There is a fundamental antagonism between the seller and the buyer.
The former wants the goods on the market to be scarce, in short supply, and expensive.
The latter wants them abundant, in plentiful supply, and cheap.
Our laws, which should at least be neutral, take the side of the seller against the buyer, of the producer against the consumer, of high prices against low prices, of scarcity against abundance.
They operate, if not intentionally, at least logically, on the assumption that a nation is rich when it is lacking in everything.
Bastiat uses this as the basis of his argument that the interests of the consumer, rather than the producer, align more closely with the interests of mankind (you should read his essay to fully appreciate the connection). The producer tends to have their own self-interest in mind, and so has a strong incentive to get the government to use its force and power to help them gain an economic benefit over the consumer. This causes goods to be either more expensive and/or more scarce than they normally would be without government intervention. The result is that cronies get richer, while everyone else is made poorer.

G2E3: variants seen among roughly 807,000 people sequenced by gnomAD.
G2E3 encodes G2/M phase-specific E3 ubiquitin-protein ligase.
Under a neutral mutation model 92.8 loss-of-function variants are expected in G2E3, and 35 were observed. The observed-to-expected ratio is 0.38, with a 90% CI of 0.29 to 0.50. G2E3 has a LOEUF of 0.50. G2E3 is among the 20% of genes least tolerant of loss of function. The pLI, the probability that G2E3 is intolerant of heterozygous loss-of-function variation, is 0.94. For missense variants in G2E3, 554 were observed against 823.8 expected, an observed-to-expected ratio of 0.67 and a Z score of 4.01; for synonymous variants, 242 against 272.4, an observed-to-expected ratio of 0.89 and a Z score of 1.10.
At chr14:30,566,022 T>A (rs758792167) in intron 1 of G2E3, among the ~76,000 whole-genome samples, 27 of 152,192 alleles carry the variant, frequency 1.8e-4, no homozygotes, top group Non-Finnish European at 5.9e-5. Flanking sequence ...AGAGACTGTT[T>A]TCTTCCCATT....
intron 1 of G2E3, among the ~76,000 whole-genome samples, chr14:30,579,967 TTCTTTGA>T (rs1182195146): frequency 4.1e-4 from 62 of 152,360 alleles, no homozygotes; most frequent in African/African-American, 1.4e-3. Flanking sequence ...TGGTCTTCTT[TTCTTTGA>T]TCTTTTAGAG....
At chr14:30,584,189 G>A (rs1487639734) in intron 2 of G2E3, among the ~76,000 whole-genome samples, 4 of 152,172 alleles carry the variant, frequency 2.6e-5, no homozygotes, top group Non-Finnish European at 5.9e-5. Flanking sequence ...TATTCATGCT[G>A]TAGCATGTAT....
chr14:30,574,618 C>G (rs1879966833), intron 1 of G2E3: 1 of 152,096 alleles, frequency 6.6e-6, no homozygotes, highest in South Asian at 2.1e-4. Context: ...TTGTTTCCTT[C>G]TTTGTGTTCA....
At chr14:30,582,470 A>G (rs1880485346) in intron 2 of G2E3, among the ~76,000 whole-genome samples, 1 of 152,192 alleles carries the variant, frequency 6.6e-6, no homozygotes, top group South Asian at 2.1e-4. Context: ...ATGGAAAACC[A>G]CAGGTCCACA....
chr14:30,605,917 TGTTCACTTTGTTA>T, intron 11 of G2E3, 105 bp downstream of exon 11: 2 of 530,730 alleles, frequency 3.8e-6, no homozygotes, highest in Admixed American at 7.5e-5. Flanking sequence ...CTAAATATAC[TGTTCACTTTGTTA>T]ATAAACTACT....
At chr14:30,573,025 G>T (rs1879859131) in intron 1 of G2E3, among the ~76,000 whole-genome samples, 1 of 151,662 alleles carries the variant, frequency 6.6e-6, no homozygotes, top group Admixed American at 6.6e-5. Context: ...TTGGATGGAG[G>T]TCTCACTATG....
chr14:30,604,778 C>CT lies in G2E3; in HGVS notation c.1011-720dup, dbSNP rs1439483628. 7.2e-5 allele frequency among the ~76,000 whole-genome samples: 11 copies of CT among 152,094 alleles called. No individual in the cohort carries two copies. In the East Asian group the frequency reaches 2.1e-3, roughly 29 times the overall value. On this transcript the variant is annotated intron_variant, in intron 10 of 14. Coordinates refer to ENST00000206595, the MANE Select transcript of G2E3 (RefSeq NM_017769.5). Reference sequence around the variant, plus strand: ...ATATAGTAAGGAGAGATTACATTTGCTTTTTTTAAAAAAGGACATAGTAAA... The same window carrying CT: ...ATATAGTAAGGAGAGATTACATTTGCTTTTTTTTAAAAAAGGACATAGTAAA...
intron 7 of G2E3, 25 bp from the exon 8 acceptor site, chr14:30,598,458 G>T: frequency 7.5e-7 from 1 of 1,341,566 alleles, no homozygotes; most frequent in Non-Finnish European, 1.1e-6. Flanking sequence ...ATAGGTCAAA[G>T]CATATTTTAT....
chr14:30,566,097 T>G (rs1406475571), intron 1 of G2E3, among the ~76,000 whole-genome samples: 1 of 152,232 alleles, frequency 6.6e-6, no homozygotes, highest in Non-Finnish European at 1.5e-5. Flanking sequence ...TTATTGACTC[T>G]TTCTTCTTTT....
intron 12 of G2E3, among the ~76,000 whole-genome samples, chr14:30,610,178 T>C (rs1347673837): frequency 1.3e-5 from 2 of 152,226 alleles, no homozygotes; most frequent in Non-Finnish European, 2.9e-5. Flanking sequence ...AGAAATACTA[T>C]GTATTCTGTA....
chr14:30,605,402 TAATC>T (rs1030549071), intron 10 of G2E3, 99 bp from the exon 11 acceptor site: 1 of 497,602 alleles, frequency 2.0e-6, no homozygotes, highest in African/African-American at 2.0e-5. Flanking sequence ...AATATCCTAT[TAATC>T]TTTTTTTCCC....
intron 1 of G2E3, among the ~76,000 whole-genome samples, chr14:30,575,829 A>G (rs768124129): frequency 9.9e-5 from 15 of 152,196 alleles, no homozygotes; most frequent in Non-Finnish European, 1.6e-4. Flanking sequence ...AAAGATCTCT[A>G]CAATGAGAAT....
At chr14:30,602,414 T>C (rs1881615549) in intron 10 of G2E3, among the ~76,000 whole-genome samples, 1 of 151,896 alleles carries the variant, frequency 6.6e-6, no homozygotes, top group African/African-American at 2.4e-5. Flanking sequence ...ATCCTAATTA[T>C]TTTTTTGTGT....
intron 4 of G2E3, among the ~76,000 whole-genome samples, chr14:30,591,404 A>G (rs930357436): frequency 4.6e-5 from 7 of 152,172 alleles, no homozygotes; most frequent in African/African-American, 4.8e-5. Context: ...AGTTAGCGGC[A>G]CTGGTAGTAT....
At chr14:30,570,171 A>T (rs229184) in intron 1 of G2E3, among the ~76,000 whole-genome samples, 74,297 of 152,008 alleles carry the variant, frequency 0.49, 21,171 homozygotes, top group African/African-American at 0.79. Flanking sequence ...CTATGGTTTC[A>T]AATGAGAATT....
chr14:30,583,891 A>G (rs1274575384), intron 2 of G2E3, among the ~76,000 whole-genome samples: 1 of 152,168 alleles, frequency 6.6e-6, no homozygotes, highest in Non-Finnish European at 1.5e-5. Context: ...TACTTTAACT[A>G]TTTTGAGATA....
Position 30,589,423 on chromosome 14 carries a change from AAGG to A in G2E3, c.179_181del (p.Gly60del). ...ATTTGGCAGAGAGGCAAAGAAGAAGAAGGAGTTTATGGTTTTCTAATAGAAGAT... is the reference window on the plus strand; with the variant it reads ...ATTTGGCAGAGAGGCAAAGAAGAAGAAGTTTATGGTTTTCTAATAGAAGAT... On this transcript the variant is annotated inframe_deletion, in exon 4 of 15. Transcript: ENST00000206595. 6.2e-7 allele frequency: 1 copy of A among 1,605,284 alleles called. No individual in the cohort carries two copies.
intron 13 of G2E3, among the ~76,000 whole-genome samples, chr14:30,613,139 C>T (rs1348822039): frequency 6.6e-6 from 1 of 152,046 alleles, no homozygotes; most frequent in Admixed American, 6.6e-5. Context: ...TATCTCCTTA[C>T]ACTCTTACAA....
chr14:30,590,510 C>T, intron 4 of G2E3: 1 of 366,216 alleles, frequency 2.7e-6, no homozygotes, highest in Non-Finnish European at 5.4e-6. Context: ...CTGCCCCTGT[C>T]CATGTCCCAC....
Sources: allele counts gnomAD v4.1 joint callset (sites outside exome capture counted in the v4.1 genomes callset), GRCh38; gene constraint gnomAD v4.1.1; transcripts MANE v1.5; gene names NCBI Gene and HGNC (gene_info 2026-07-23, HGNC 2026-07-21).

Other stuff you should know:
• Increasing the power of the government is often posited as a way to keep “Big Business” in check. But as Randall G. Holcombe notes, “The substantial and well-established economic literature on the components of crony capitalism shows that big government is the cause of crony capitalism, not the solution.”